Michael Chopra handed Roy Keane a winning return to the Premiership as the Sunderland striker's last-gasp goal clinched a 1-0 win against Tottenham Hotspur yesterday.
Chopra's stoppage time winner was vindication for the Sunderland boss, who was criticized for paying ?5 million (US$10 million) for a player who is a fan of Sunderland's deadly rivals Newcastle United.
But anyone who arrived at the Stadium of Light holding a grudge against Chopra will surely have gone home singing his name.
Keane's decision to send on Chopra as a second half substitute changed the game and underlined why the former Manchester United midfield hardman is already an icon on Wearside.
He has rapidly assumed messianic status amongst Sunderland supporters after leading the club from the foot of the Championship to promotion in a matter of months and this win will only add to his growing legend.
The relentless hype that greets the start of each Premiership season creates the illusion that the English league has no equal, but for long periods this was turgid stuff.
Opening day nerves undoubtedly played a part, but great things are expected of both clubs and this was hardly a dynamic start for either in front of a crowd of over 43,000.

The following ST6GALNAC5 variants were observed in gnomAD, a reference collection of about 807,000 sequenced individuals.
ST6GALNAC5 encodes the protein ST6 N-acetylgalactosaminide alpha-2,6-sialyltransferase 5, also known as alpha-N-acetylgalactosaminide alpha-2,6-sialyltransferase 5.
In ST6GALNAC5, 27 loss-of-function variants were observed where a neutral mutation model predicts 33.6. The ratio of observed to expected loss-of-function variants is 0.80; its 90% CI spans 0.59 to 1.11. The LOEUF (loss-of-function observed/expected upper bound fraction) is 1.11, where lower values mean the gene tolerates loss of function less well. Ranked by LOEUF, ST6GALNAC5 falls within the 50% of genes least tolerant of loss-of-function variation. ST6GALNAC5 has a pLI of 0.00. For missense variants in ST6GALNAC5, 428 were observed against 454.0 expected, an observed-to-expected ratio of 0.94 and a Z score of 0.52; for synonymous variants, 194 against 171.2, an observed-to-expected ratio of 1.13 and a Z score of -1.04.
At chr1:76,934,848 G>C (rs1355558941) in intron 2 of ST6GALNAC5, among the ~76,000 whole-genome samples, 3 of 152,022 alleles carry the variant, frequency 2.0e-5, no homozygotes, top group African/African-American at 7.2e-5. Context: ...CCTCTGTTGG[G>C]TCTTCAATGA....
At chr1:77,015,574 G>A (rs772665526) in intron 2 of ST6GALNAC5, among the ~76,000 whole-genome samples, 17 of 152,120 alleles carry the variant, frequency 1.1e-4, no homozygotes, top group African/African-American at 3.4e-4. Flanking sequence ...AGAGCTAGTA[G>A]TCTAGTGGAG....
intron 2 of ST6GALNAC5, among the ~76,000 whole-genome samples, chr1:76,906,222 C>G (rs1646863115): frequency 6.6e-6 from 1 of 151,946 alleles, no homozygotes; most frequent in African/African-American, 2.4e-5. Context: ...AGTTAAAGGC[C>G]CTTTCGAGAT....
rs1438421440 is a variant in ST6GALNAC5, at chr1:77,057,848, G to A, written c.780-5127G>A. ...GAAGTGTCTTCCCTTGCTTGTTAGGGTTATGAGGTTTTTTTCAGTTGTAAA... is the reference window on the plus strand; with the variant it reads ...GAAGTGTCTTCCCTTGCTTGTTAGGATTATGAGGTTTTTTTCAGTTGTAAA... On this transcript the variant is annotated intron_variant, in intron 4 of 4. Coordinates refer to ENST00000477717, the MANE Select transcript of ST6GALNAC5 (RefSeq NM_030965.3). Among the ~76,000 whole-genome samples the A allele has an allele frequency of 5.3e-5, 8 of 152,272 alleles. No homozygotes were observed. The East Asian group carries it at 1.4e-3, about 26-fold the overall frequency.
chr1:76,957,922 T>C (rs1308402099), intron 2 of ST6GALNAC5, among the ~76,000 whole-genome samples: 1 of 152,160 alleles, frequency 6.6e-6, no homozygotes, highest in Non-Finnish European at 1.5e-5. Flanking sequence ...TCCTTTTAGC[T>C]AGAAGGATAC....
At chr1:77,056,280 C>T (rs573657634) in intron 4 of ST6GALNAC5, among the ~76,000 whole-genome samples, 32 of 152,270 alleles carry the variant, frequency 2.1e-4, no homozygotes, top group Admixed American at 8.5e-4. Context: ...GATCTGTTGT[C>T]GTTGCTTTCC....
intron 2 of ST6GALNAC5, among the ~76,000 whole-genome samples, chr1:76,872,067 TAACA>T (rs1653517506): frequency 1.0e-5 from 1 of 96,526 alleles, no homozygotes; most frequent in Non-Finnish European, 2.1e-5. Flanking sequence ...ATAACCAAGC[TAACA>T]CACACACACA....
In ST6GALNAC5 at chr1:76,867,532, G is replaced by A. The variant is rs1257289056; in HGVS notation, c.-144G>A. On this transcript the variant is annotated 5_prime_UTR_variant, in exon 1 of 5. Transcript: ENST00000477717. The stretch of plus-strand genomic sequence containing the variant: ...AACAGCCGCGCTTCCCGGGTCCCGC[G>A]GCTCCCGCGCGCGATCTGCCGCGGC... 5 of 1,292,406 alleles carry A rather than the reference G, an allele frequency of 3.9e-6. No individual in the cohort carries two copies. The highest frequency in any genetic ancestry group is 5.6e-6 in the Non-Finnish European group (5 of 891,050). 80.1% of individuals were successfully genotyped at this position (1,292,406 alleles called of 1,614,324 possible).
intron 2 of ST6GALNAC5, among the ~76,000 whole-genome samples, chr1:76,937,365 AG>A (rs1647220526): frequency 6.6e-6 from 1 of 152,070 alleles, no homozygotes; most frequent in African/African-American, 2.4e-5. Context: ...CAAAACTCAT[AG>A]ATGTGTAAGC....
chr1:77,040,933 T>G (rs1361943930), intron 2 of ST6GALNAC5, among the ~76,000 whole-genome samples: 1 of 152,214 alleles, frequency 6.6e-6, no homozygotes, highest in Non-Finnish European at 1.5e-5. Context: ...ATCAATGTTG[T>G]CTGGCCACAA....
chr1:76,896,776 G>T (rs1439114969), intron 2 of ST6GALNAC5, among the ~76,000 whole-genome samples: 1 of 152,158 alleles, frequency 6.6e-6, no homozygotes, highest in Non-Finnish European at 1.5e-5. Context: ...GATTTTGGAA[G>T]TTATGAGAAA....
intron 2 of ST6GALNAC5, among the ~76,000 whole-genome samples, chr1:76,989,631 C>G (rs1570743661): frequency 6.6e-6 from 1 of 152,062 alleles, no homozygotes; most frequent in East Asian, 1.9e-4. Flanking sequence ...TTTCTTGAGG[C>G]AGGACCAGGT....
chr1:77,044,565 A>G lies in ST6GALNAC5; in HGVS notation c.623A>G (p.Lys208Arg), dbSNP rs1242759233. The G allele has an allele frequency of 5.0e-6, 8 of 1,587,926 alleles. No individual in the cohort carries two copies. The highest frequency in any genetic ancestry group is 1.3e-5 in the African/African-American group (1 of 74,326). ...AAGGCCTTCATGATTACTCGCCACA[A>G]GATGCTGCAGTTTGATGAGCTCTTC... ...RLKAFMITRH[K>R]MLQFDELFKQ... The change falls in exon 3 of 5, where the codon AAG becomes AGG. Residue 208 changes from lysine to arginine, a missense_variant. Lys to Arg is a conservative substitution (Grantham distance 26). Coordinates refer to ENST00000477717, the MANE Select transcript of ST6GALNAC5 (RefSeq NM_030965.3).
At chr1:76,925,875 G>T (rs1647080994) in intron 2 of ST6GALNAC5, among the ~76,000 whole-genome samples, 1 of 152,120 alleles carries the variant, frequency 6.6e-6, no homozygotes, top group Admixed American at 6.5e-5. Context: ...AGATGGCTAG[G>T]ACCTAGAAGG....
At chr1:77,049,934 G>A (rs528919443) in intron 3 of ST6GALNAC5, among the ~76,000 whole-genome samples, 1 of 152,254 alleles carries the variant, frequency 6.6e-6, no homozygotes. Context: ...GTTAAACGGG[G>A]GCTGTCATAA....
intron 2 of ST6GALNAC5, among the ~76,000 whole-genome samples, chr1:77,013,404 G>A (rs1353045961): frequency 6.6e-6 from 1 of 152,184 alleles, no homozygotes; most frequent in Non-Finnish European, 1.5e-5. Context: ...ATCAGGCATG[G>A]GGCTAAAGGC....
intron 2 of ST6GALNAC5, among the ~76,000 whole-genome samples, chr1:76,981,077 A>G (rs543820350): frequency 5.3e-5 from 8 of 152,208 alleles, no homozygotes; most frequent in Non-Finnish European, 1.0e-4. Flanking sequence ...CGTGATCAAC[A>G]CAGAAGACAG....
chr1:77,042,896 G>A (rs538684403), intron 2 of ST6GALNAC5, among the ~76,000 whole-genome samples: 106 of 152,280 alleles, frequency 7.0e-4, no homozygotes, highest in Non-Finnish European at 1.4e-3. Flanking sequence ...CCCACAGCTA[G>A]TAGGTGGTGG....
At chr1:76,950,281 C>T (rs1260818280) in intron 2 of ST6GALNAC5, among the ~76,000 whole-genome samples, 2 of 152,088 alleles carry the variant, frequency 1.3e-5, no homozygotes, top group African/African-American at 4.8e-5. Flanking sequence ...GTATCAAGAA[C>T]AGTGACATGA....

Jermaine Jenas prodded an early shot wide for Spurs, but that was as good as it got for the next half an hour.
It was a mistake by Younes Kaboul's defensive partner Anthony Gardner that handed Sunderland their first real chance.
Gardner stooped to head clear a Ross Wallace cross but misjudged the bounce and the ball ran through to Daryl Murphy. The Irish striker had a clear sight of goal, but his heavy touch took him wide and Paul Robinson was able to smother the danger.
Keane made Craig Gordon the most expensive goalkeeper in British soccer history when he paid Hearts ?9 million for the Scotland international.
Such a hefty price tag guarantees Gordon's every move is closely scrutinized and he almost gave the doubters an early chance to question the fee when he rushed off his line and allowed Dimitar Berbatov to chip over him.
Berbatov still had plenty of work to do though and Nyron Nosworthy bailed out Gordon by blocking the Bulgarian's shot.
Sunderland's caution on their return to the top-flight was understandable but their visitors had far fewer excuses for their tepid display.
Jol's big-spending since last season has raised expectations that Spurs will finally break into the top four, but they were content to coast along when the chance to make an early statement was there for the taking.
Admittedly Jol was without his first choice defensive pairing after injuries to Ledley King and Michael Dawson, but it was in attack that Spurs lacked invention.
Sensing the need to shake his team out of their lethargy, Jol sent on Darren Bent, but even the ?16 million striker was unable to make any difference.
Tottenham's lack of penetration ensured Sunderland were always in the game and Keane gave Chopra his debut in the closing stages as he tried to snatch the win.
The gamble paid off 13 seconds from the end of stoppage time. Spurs failed to deal with a deep Wallace cross and Chopra pounced on the loose ball to steer a low shot past Robinson.
Keane raised an arm in muted celebration while the rest of the stadium exploded in delight. It was a dramatic finish that the game hardly deserved, but Keane and company won't care about that.